I blog on topics that I encounter as I read the literature, talk with people, and think about ways to improve education. Thus, many different topics are covered. I try to select topics and do my writing in a manner that will have long term value to readers.
General Educational Development (GED®) and Online Testing
You are probably aware of the movement toward online assessment in education. The Common Core State Standards initiative includes a strong focus on Computerized Adaptive Testing (CAT). Learn more about CCSS at Moursund & Sylwester (2013).
The earliest Computer-Assisted Learning (CAL) systems included assessment features. In the very simplest CAL, learners answered T/F or multiple-choice questions. The computer provided feedback on correct and incorrect answers, and a cumulative record of a student’s performance.
It was easy to program such a system to make adjustments to the individual student. For example, if a student got six correct answers in a row, the computer could provide more difficult questions. If a student missed four questions in a row in a particular area, the computer could provide simpler questions or a short unit of instruction in that area.
Over the years, as computers gained in capability and educators/programmers better understood potential capabilities of online assessment, increasingly sophisticated computer-based assessment systems were developed. Computerized Adaptive Testing provides a good example. Quoting from http://en.wikipedia.org/wiki/Computerized_adaptive_testing:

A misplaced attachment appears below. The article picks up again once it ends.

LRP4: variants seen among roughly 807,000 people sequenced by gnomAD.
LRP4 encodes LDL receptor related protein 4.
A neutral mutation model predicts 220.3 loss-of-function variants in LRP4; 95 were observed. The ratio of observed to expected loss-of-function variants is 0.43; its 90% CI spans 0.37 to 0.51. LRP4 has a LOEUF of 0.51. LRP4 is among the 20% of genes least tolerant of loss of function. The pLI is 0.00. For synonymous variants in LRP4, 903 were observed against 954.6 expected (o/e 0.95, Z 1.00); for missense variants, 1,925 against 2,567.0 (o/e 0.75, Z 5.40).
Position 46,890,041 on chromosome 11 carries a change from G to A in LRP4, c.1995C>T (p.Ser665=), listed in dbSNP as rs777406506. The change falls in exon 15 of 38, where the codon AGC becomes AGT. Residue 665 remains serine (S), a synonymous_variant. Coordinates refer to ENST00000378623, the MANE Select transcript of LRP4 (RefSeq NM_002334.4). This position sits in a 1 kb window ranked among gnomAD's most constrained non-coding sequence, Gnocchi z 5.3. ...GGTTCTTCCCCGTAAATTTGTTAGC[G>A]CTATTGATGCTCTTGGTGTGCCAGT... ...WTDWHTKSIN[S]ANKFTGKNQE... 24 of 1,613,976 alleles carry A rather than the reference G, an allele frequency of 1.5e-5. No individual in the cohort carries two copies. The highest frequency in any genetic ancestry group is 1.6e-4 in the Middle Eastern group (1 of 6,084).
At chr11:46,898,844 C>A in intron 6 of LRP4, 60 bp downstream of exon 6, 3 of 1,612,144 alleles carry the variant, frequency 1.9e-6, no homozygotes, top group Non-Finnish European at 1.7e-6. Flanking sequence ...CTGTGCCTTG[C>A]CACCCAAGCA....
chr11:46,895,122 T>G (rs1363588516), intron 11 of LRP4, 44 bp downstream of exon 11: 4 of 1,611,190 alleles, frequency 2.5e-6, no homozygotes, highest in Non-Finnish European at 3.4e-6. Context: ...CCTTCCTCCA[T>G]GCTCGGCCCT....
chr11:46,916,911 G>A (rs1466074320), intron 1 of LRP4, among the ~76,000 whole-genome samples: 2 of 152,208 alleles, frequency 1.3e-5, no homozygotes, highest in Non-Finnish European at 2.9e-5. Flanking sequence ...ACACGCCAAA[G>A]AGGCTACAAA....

CAT successively selects questions for the purpose of maximizing the precision of the exam based on what is known about the examinee from previous questions. From the examinee's perspective, the difficulty of the exam seems to tailor itself to his or her level of ability.… Compared to static multiple choice tests that nearly everyone has experienced, with a fixed set of items administered to all examinees, computer-adaptive tests require fewer test items to arrive at equally accurate scores.
CAT is not new. Quoting from http://www.catprep.com/cat-preparation.html:
It was in March of 1986 that the Chicago Sun-Times reported on the latest advance in placement exams, reporting that the "standardized testing of college-level skills recently began its long-awaited shift into the realm of computers." The new, improved approach was developed by the Educational Testing Service, along with the College Board, and was named the "Computer Adaptive Test" (CAT). Its first application was in college placement exams, testing incoming freshmen for competency in mathematics, reading, and writing.
The General Educational Development (GED®) Exam
The General Educational Development (GED®) exam was developed in 1942 to meet the needs of World War II veterans who lacked a high school diploma and who were seeking jobs and/or college entrance. It is not a diploma, but has served many millions of students quite well. See a brief history of the GED® exam at http://en.wikipedia.org/wiki/General_Educational_Development.